Filing 57

ORDER granting 54 First MOTION for Default Judgment as to Defendant Singh and Defendant Bhikari, etc. Signed by Judge Madeline Cox Arleo on 7/13/2021. (lag, )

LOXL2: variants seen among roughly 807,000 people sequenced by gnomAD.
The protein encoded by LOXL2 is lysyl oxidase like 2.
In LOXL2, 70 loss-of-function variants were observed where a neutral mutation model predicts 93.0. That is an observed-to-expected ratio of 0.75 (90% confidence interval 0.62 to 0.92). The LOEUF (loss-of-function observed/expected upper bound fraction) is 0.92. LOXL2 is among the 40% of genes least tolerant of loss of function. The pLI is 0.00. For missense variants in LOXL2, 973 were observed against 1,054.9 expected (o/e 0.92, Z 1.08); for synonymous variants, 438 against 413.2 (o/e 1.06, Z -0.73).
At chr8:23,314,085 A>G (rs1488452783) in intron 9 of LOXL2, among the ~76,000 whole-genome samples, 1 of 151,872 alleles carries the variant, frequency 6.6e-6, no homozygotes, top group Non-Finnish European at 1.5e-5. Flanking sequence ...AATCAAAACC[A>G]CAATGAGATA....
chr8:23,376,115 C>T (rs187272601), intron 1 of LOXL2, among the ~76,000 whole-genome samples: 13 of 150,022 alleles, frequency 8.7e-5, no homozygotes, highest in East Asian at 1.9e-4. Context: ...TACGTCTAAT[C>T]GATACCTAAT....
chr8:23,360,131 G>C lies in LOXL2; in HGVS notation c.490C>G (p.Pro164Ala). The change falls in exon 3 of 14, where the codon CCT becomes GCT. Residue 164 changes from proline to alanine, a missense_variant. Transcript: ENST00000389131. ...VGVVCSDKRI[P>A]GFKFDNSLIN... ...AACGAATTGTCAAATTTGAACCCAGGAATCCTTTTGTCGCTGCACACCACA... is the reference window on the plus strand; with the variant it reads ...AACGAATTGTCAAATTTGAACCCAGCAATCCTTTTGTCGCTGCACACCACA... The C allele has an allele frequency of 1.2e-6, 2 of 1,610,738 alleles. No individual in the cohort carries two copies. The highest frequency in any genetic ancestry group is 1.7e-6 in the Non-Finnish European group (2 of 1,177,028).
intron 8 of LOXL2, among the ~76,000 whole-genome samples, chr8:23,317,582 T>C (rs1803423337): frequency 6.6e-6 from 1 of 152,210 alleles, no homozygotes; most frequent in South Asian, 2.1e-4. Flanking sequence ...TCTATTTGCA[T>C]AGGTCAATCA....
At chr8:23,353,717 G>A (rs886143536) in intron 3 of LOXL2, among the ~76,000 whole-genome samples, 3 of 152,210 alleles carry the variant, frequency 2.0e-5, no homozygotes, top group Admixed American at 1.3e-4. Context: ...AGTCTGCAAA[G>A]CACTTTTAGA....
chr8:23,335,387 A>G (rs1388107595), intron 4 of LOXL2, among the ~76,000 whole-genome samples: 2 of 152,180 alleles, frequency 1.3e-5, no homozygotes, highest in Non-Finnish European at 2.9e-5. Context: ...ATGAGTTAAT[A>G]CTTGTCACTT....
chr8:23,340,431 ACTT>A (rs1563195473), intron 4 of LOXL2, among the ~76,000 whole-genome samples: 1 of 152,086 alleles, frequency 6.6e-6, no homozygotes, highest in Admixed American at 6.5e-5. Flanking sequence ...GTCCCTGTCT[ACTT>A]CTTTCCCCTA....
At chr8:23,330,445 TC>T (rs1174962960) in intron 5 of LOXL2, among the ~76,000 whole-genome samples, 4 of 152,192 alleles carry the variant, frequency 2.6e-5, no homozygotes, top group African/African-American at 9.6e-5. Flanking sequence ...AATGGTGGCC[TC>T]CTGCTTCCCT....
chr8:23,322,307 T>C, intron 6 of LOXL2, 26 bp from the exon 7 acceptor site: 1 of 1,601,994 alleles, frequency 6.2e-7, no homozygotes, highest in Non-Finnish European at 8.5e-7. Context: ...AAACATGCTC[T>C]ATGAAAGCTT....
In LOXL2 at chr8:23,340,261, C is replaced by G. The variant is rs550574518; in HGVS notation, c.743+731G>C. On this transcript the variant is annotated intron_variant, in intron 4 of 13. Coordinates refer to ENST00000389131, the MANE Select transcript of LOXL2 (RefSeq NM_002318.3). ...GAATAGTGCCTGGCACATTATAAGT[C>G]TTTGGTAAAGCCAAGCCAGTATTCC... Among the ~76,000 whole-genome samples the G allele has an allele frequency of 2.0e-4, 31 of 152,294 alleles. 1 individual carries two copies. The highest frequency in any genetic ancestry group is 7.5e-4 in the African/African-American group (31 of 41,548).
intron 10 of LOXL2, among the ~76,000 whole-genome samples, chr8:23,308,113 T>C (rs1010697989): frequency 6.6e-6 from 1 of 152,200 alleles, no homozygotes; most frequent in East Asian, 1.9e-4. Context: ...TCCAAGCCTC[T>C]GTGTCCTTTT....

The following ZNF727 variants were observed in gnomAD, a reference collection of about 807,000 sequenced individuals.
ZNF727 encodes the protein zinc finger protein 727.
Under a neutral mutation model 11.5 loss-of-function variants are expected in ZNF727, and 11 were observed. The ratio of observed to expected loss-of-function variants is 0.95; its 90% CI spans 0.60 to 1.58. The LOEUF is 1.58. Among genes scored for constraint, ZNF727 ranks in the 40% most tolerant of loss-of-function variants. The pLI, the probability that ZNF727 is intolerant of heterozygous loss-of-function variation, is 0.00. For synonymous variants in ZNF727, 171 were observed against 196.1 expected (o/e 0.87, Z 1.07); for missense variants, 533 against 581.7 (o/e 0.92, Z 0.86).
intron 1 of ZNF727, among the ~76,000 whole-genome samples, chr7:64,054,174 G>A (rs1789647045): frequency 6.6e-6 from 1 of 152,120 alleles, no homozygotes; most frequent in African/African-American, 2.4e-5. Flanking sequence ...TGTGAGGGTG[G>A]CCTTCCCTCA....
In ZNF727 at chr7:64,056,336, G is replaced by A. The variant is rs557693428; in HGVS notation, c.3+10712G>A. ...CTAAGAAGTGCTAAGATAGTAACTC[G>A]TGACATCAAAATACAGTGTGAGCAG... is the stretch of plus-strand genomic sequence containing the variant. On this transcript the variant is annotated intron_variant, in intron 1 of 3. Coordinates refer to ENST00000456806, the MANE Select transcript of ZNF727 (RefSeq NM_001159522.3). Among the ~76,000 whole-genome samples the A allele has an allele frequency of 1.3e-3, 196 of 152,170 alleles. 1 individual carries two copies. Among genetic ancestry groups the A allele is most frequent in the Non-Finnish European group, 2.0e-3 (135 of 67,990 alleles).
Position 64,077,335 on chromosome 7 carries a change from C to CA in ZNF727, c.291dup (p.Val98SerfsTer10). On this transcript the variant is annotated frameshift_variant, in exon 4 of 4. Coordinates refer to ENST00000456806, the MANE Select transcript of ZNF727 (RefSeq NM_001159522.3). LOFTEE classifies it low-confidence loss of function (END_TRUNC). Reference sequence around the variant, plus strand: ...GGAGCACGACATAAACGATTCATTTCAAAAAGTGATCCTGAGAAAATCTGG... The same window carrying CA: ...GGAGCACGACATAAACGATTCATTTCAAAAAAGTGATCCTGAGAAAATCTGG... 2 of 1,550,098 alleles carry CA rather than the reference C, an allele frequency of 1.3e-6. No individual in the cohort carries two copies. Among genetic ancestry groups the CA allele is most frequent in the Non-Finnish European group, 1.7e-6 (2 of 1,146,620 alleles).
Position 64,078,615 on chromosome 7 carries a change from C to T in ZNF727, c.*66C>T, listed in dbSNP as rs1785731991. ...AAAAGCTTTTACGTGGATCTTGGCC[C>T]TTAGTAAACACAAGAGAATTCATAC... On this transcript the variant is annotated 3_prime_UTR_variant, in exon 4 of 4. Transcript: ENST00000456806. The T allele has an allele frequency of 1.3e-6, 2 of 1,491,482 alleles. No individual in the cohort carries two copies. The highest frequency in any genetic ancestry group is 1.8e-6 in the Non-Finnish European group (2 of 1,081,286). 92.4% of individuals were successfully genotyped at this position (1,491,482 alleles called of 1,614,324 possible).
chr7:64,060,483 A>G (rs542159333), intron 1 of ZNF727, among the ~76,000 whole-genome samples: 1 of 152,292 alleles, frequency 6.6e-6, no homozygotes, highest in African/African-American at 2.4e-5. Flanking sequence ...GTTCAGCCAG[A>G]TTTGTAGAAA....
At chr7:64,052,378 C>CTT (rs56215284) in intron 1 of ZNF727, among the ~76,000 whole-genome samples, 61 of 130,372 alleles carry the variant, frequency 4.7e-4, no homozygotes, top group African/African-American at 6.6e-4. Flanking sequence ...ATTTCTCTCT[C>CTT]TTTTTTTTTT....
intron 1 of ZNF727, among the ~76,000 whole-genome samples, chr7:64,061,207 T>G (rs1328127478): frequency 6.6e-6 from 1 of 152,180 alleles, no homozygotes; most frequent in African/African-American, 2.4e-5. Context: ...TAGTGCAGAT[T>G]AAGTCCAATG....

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UNITED STATES DISTRICT COURT DISTRICT OF NEW JERSEY STEVE HARRI-DAS, SR., v. Plaintiff, Civil Action No. 17-11385 SUSAN SINGH, et al., ORDER Defendants. THIS MATTER comes before the Court by way of Plaintiff Steve Harri-Das, Sr.’s (“Harri-Das” or “Plaintiff”) unopposed Motion for Entry of Default Judgment, 1 ECF No. 54, against Defendants Susan Singh (“Singh”) and Sandy Bhikari (“Bhikari” and together with Singh, the “Defendants”); and it appearing that this action arises out of allegedly defamatory and slanderous statements made by Defendants to third parties about Plaintiff, see generally Compl., ECF No. 1; and it appearing that beginning on or about May 27, 2017, Singh, Plaintiff’s sister, contacted Plaintiff via text message stating that Plaintiff had raped Bhikari, Singh’s daughter and Plaintiff’s niece, when she was child and that Bhikari had taken a polygraph test supporting the veracity of the rape allegation, id. ¶¶ 1, 6; and it appearing that thereafter, Defendants told Plaintiff’s family and friends via social media (Facebook), mail, email, text message, and in-person communications, that Plaintiff raped Bhikari and molested other minor children, and that Plaintiff is generally a child molester and sexual predator, id. ¶¶ 4, 11; In deciding a motion for default judgment, “the factual allegations in a complaint, other than those as to damages, are treated as conceded by [the] defendant.” DIRECTV, Inc. v. Pepe, 431 F.3d 162, 165 (3d Cir. 2005). 1 1 and it appearing that as a result of Defendants’ actions, Plaintiff’s reputation has allegedly been damaged, his relationship with friends and family has been strained, and he has suffered significant emotional trauma, Certification of Plaintiff (“Pl. Cert.”) ¶¶ 26-36, ECF No. 54.1; and it appearing that on November 7, 2017, Plaintiff filed a Complaint against Defendants alleging defamation (“Count I”), intentional infliction of emotional distress (“Count II”), and injunctive relief (“Count III”), Compl. ¶¶ 14-30; and it appearing that Singh and Bhikari were served with a copy of the Summons and Complaint on March 1, 2018 and August 25, 2018, respectively, Pl. Cert. Ex. H, ECF No. 54.3; and it appearing that Singh and Bhikari filed answers to the Complaint with affirmative defenses on November 9, 2018 and June 26, 2019, respectively, ECF Nos. 19, 29-30; and it appearing that thereafter, Defendants consistently failed to meet discovery and Court-imposed deadlines, see ECF No. 53, at 1-2 (“Jan. 28 Order”); and it appearing that for this reason, and after giving Defendants ample time to appear and provide written discovery responses, Plaintiff filed a motion for sanctions on November 11, 2020, ECF No. 51; and it appearing that on January 28, 2021, Hon. Joseph A. Dickson granted the motion for sanctions in accordance with Federal Rule of Civil Procedure 37(b)(2)(A) and 37(d)(1)(A), 2 and further ordered that (1) Defendants’ answers and counterclaims be stricken from the record, (2) the Clerk of Court be directed to enter default against Defendants, (3) Plaintiff file a motion for Federal Rule of Civil Procedure 37(b)(2)(A) provides that “[i]f a party . . . fails to obey an order to provide or permit discovery . . . the court where the action is pending may issue further just orders. . . . They may include . . . striking pleadings in whole or in part . . . [and] rendering a default judgment against the disobedient party.” Rule 37(d)(1)(A) provides that the Court may impose similar sanctions for failure to properly serve requests for the production of documents. 2 2 default judgment by February 19, 2021, and (4) the Court award reasonable attorneys’ fees as part of any damages award resulting from the motion for default judgment, Jan. 28 Order, at 7-8; and it appearing that on January 28, 2021, the Clerk of the Court entered default against Defendants; and it appearing that Plaintiff timely moved for default judgment, ECF No. 54; and it appearing that, before entering a default judgment, the Court must determine whether it has jurisdiction over the action and the parties, see Animal Sci. Prods., Inc. v. China Nat’l Metals & Minerals Imp. & Exp. Corp., 596 F. Supp. 2d 842, 848 (D.N.J. 2008), and whether Plaintiff properly served Defendants, see E.A. Sween Co., Inc. v. Deli Express of Tenafly, LLC, 19 F. Supp. 3d 560, 567 (D.N.J. 2014); and it appearing that the Court has subject matter jurisdiction pursuant to 28 U.S.C. § 1332, as Plaintiff is a citizen of New Jersey, Defendants are citizens of Florida, and the amount in controversy is $75,000, Compl. ¶ 1; and it appearing that the Court has personal jurisdiction 3 over Defendants, as Defendants aimed the alleged defamatory comments at Plaintiff’s relatives, many of whom live in New Jersey, with the intent of defaming Plaintiff in New Jersey, Pl. Decl. ¶ 13 (explaining that between June 16, 2017 and June 25, 2017, Plaintiff’s relatives in New Jersey including his wife, sons, siblings, and in-laws were all contacted by Defendants regarding the allegedly false allegations); id. ¶ 23 “[T]he exercise of specific personal jurisdiction requires that the ‘plaintiff’s cause of action is related to or arises out of the defendant’s contacts with the forum.’” Toys “R” Us, Inc. v. Step Two, S.A., 318 F.3d 446, 451 (3d Cir. 2003) (quoting Pinker v. Roche Holdings, Ltd., 292 F.3d 361, 368 (3d Cir. 2002)). When the cause of action alleged is an intentional tort committed by defendants outside of the forum, the court can exercise jurisdiction only if: (1) “the defendant committed an intentional tort;” (2) “the forum was the focal point of the harm suffered by the plaintiff as a result of that tort;” and (3) “the forum was the focal point of the tortious activity in the sense that the tort was ‘expressly aimed’ at the forum.” IMO Industries, Inc. v. Kiekert AG, 155 F.3d 254, 261 (3d Cir. 1998). In other words, “[i]t is not sufficient that a defendant was aware a plaintiff would be harmed in the forum.” Weerahandi v. Shelesh, No. 166131, 2017 WL 4330365, at *5 (D.N.J. Sept. 29, 2017) (citing Marks v. Alfa Grp., F. App’x 368, 370 (3d Cir. 2010)). 3 3 (explaining that on February 26, 2018, New Jersey’s Division of Child Protection and Permanency was contacted regarding allegations that Plaintiff abused his granddaughter and was an alcoholic); and it appearing that venue is proper in this district pursuant to 28 U.S.C. § 1391(b)(2), as a substantial part of the events giving rise to the claim occurred in New Jersey, Compl. ¶ 2; and it appearing that Defendants acknowledged service of the Summons and Complaint by appearing and filing answers, ECF Nos. 19, 29-30; and it appearing that before entering a default judgment, a court must also determine whether the plaintiff’s complaint sufficiently pleads a cause of action and whether the plaintiff has proven damages, Chanel, Inc. v. Gordashevsky, 558 F. Supp. 2d 532, 536, 538 (D.N.J. 2008); and it appearing that Count I alleges that Defendants made defamatory statements about Plaintiff, see Compl. ¶¶ 14-23; and it appearing that to succeed in a defamation action, a plaintiff must prove: “(1) that defendants made a false and defamatory statement concerning [plaintiff]; (2) that the statement was communicated to another person . . . ; and (3) that defendants acted negligently or with actual malice,” G.D. v. Kenny, 205 N.J. 275, 292-93 (2011); and it appearing that a defamatory statement “is one that subjects an individual to contempt or ridicule, one that harms a person’s reputation by lowering the community’s estimation of him or by deterring others from wanting to associate or deal with him,” id. at 293 (citations omitted); see also id. (“A statement falsely attributing criminality to an individual is defamatory as a matter of law.”); 4 and it appearing that Plaintiff alleges (1) that Defendants falsely accused Plaintiff of raping Bhikari and generally molesting children, Compl. ¶ 16; 4 (2) Defendants communicated these statements to Plaintiff’s family and friends, id. ¶ 5; and (3) Defendants acted negligently or with malice by continuing to communicate these defamatory statements after receiving a verified polygraph test that Plaintiff had not raped Bhikari, see Pl. Cert. ¶¶ 11-12; and it appearing that the Complaint thus sufficiently pleads liability; 5 and it appearing that before entering default judgment, the Court must consider: (1) “prejudice to the plaintiff if default is denied; (2) whether the defendant appears to have a litigable defense; and (3) “whether defendant’s delay is due to culpable conduct,” Walker v. Pennsylvania, 580 F. App’x 75, 78 (3d Cir. 2014) (citation and quotation marks omitted); and it appearing that Plaintiff will suffer prejudice absent an entry of default judgment, as “Plaintiff has no other means of seeking damages for the harm caused by the Defendants,” Gowan v. Cont’l Airlines, Inc., No. 10-1858, 2012 WL 2838924, at *2 (D.N.J. July 9, 2012); see also Bank of Hope v. Chon, No. 14-1770, 2020 WL 1193071, at * (D.N.J. Feb. 18, 2020) (explaining that the defendant’s failure to respond prejudiced the plaintiff, “because he has been prevented from prosecuting [his] case . . . and seeking relief in the normal fashion”) (quotation marks and citation omitted); and it appearing that, accepting the allegations in the Complaint as true, Defendants do not appear to have a meritorious defense, see Jan. 28 Order (explaining that Defendants’ failure to participate in the case makes adjudication of their potential defenses impossible); 4 For the purposes of the instant Order, the Court accepts as true Plaintiff’s averment in his Certification that these statements were false. See generally Pl. Cert. Because Plaintiff seeks identical relief for Count I (defamation) and Count II (intentional infliction of emotional distress), the Court need not determine whether Plaintiff has adequately stated a claim for intentional infliction of emotional distress. 5 5 and it appearing that the Defendants’ failure to respond to discovery or contest Plaintiff’s motion for sanctions, in the face of allegations of substantial wrongdoing, is sufficient to infer culpability, see U.S. Small Bus. Admin. v. Silver Creek Const. LLC, No. 13-6044, 2014 WL 3920489, at *5 (D.N.J. Aug. 11, 2014); Nationwide Mut. Ins. Co. v. Starlight Ballroom Dance Club, Inc., 175 F. App’x 519, 523 (3d Cir. 2006) (holding that defendant’s failure to respond to communications from plaintiff and court support a finding of culpability); and it appearing that although the Court accepts the facts pled in the Complaint “as true for the purpose of determining liability, the plaintiff must prove damages,” Moroccanoil, Inc. v. JMG Freight Grp. LLC, No. 14-5608, 2015 WL 6673839, at *2 (D.N.J. Oct. 30, 2015); and it appearing that “[d]amages which may be recovered in an action for defamation are: (1) compensatory or actual . . . ; (2) punitive or exemplary; and (3) nominal,” W.J.A. v. D.A., 210 N.J. 229, 239 (2012) (citation and quotation marks omitted); and it appearing that actual damages include presumed damages, which are the normal damages “to be anticipated when a person’s reputation is impaired” and which may be obtained without a plaintiff “proving actual harm to his reputation,” id. (citation and quotation marks omitted); see also Murphy v. Millennium Radio Grp., No. 08-1743, 2015 WL 419884, at *7-8 (D.N.J. Jan. 30, 2015) (analyzing New Jersey case law and explaining that absent a showing of actual harm, only nominal damages are appropriate); and it appearing that in contrast, punitive or exemplary damages are “intended to punish and deter wanton conduct” and may only be awarded if a plaintiff satisfies all elements of New Jersey’s Punitive Damages Act, N.J.S.A. 2A:15-5.9, et seq., see W.J.A., 210 N.J. at 241; 6 “In determining whether punitive damages are to be awarded, the trier of fact must consider all the relevant evidence, including the following: (1) The likelihood, at the relevant time, that serious harm would arise from the defendant’s conduct; (2) The defendant’s awareness of reckless disregard of the likelihood that the serious harm at issue would 6 6 and it appearing that Plaintiff seeks $100,000 in damages resulting from the emotional, behavioral, financial, and social harm that Plaintiff experienced as a result of the allegedly defamatory statements, Pl. Cert. ¶¶ 36-38; and it appearing that Plaintiff does not further explain how he reached the $100,000 damages figure and why such figure is the appropriate damages calculation; and it appearing that because damages are a question of fact typically determined by the factfinder, see N.J. Physicians United Reciprocal Exchange v. Boynton & Boynton, Inc., No. 12-5610, 2014 WL 317179, at *7 (D.N.J. Jan. 28, 2014), the Court concludes that a hearing to address the appropriate damages and in order to allow the Court to further consider the relevant evidence as required by N.J.S.A. 2A:15-5.12(c) is warranted; IT IS on this 13th day of July, 2021; ORDERED that Plaintiff’s Motion for the Entry of Default Judgment, ECF No. 54, is GRANTED as to liability, and it is further ORDERED that the Plaintiff shall appear before Hon. Jessica S. Allen, U.S.M.J., for a hearing on damages. Judge Allen will schedule such hearing and the parties will be notified via ECF. /s Madeline Cox Arleo___________ HON. MADELINE COX ARLEO UNITED STATES DISTRICT JUDGE arise from the defendant’s conduct; (3) The conduct of the defendant upon learning that its initial conduct would likely cause harm; and (4) The duration of the conduct or any concealment of it by the defendant.” N.J.S.A. 2A:15-5.12(b). 7